The New-York Historical Society was honored to welcome 189 new U.S. citizens at a special naturalization ceremony on June 14. The date was especially poignant because it was Flag Day—the commemoration of when the U.S. flag was adopted in 1777, at the Second Continental Congress. The new citizens came from 37 countries, including China, Mexico, Pakistan, and Yemen, and proudly waved their American flags after swearing the Oath of Allegiance.
As part of the ceremony, New-York Historical Trustee Eric J. Wallach shared his thoughts about the importance of becoming a citizen and his own mother’s journey to the United States. You can read his full speech below.
Ladies and Gentlemen,
It is a unique privilege for me to address you on this wonderful occasion. When this republic was established, our Founding Fathers made a profound decision and determined that we would not have a titled aristocracy. Instead, the highest honor available to our countrymen would be the status of “citizen”. Today, I am proud to be among the very first to congratulate you on achieving that status and becoming the United States’ newest citizens!
It is particularly appropriate that this citizenship ceremony should be celebrated here. The New-York Historical Society was founded very early in the life of this nation and has borne witness to the successive waves of immigration that have contributed so much to the glory and flourishing both of this city and also of this country. Due to the generosity of many past and present participants in this remarkable historical process, the Historical Society possesses a unique collection of documents and objects reflecting the lives and experiences of a multitude of new arrivals to our shores and, like you, new citizens.
We here are all Americans but we are also all immigrants or at least descended from immigrants. We or our forbearers have come to this great nation seeking liberty and opportunity as well in many cases an escape from tyranny and deprivation. My own family is not different in this respect from any other.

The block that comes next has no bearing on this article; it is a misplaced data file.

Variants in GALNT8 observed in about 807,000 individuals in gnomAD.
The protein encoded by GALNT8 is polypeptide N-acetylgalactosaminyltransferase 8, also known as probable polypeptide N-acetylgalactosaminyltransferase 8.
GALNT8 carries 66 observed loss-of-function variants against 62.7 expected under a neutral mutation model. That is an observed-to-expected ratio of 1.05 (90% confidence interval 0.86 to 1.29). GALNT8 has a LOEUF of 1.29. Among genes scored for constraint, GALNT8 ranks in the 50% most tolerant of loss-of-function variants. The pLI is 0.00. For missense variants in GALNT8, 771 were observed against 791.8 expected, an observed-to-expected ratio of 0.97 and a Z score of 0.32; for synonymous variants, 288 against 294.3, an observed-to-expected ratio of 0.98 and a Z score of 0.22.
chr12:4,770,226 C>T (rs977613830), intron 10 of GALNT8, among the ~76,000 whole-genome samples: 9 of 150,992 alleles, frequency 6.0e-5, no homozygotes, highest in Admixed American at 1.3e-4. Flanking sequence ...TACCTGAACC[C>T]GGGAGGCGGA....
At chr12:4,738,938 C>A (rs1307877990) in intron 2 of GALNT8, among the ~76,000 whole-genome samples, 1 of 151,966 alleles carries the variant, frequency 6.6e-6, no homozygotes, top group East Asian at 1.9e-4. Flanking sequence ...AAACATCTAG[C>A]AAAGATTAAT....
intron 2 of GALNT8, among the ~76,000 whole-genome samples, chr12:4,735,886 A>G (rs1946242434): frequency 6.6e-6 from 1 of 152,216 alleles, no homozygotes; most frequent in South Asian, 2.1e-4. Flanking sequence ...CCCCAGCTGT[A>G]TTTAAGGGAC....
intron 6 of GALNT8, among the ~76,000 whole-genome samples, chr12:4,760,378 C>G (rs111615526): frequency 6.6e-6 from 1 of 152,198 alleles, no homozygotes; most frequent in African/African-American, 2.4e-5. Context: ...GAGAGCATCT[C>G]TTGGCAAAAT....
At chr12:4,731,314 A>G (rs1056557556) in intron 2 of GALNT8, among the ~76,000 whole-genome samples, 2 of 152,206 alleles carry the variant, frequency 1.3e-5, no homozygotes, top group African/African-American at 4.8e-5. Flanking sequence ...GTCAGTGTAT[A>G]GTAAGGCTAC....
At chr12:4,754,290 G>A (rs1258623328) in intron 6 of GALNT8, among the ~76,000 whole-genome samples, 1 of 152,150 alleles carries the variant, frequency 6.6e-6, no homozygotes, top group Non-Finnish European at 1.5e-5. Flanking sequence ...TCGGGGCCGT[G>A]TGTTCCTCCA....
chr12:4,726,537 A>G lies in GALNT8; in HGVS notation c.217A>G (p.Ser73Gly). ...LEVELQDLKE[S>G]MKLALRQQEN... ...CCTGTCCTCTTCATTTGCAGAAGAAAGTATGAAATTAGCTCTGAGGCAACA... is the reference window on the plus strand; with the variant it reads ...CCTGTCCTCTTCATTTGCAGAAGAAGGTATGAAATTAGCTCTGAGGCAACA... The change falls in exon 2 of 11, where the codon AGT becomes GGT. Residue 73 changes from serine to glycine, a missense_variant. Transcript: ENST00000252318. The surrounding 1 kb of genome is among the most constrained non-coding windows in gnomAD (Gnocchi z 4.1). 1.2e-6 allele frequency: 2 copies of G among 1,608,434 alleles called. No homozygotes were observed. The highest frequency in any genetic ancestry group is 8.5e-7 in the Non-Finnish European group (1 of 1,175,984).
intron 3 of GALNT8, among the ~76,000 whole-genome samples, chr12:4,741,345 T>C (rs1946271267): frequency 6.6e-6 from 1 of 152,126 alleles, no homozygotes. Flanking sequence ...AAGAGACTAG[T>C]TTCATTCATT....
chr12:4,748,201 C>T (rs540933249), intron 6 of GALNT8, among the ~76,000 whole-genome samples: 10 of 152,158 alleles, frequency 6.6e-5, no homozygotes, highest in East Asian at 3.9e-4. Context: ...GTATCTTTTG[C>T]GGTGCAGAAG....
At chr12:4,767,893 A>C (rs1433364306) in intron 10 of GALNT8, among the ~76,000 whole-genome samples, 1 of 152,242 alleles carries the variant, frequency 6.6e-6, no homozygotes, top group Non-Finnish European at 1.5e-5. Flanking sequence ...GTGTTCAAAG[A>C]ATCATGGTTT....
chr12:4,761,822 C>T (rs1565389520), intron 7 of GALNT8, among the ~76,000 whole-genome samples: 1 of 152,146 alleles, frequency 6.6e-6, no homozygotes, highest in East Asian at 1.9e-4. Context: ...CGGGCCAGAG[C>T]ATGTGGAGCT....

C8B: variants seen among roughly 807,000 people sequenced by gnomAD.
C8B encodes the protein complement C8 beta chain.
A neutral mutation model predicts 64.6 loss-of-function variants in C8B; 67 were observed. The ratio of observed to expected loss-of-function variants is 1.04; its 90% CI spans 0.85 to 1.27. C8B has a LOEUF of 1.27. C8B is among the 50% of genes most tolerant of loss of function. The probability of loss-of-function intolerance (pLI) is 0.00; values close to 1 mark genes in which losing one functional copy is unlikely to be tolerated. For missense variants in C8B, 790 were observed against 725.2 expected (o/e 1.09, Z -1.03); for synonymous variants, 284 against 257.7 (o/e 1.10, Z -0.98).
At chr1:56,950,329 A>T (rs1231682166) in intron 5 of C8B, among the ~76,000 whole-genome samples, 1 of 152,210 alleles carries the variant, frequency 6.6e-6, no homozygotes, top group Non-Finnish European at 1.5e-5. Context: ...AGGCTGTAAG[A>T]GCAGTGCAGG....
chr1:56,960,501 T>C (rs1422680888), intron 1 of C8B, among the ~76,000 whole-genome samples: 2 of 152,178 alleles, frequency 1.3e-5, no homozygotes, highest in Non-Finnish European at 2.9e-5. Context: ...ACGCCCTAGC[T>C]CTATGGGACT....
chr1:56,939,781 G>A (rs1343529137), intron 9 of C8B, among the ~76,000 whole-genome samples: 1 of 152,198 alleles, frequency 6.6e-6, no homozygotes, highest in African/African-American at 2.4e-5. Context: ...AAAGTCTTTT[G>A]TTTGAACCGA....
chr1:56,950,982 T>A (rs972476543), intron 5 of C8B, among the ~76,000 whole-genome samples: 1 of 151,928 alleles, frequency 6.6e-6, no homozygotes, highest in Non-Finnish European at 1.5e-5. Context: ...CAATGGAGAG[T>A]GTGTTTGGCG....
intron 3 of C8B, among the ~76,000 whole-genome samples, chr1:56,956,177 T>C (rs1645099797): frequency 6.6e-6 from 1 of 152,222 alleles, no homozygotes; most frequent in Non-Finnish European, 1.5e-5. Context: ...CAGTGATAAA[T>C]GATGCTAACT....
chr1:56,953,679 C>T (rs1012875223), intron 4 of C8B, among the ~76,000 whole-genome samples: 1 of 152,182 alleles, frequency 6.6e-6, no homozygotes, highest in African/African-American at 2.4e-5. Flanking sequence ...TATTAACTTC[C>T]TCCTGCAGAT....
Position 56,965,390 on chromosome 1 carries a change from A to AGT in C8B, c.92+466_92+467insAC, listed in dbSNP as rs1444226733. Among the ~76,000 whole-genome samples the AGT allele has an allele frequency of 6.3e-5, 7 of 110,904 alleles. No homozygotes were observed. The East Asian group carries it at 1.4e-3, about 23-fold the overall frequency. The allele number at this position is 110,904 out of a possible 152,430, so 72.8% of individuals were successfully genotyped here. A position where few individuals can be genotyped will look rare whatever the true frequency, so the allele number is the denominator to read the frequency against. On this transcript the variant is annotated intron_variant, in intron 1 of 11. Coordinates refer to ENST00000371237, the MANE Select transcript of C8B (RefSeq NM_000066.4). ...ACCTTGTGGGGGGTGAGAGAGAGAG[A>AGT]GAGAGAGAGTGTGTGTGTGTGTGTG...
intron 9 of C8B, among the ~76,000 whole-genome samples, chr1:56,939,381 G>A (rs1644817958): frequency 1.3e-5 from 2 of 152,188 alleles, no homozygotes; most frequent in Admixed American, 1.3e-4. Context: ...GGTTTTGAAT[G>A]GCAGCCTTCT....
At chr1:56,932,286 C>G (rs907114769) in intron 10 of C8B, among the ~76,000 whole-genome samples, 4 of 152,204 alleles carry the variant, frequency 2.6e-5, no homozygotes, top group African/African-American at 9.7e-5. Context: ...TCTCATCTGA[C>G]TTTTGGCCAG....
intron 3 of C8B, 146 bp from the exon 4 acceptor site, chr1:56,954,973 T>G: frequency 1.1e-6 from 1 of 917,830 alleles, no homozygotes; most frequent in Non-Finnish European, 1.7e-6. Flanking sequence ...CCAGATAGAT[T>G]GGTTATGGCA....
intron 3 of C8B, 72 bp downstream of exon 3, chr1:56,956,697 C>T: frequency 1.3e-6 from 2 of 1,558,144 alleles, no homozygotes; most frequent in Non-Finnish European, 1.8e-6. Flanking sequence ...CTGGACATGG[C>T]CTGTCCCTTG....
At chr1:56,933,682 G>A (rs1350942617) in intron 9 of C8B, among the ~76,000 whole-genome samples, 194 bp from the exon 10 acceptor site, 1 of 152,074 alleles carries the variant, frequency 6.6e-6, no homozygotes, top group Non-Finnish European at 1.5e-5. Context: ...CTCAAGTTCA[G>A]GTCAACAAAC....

My mother came to the United States from France as a young woman in 1940 as a refugee from the ravages of Nazi occupation during World War II. She was deeply grateful to the country that provided her shelter from the terrible genocide in Europe that ultimately took the lives of her parents and many of her family members and friends. Like other immigrants before her, my mother preserved many of the traditions and cultural attitudes of her country of origin, but she thought of herself as an American, was fiercely patriotic and considered her U.S. citizenship as the greatest gift in her possession.
Our business and economic systems, our cultural diversity and leadership, and perhaps most of all, our constitutional system of government remain the envy of the modern world. In my judgement, America’s greatness is a fact and the American Dream is alive and well. By American Dream, I mean the process by which any American by dint of hard work, diligence and dedication can achieve unlimited success and share in all the best things that our society has to offer. None of this, however, can be taken for granted. We all know from history that other preeminent societies like those of ancient Greece and Rome ultimately collapsed because they permitted themselves to fall victim to despotism, corruption and the loss of fundamental values. Each of us as an American citizen has a shared responsibility to preserve and protect those American institutions that make us special, to guard our civil right and liberties and, by reason of the special contributions that we individually make, to foster the continued growth of this extraordinary country.
In this connection, I would note that you have become citizens at a crucial juncture in America’s history. At no point in recent times have the contrasting positions presented in a Presidential and Congressional election been so dramatic or so important. I trust that you will exercise this, the single most important privilege of citizenship, to both express and also vote your preferences and in so doing assure that your voice is heard and that your participation in the process is direct and meaningful.
Andre Malraux, the great French writer, Resistance leader and statesman said, “The mind supplies the idea of a nation but what gives this idea its sentimental force is a community of dreams.” For almost 250 years, shared dreams and aspirations have animated the development of this remarkable nation. I know that your own dreams and aspirations will continue this experience. I congratulate you on your new U.S. citizenship and call on you to join with your new countrymen to make sure that the society we bequeath to the next generation is as open, democratic and vibrant as is the one that welcomes you today. Thank you and good luck to all of you.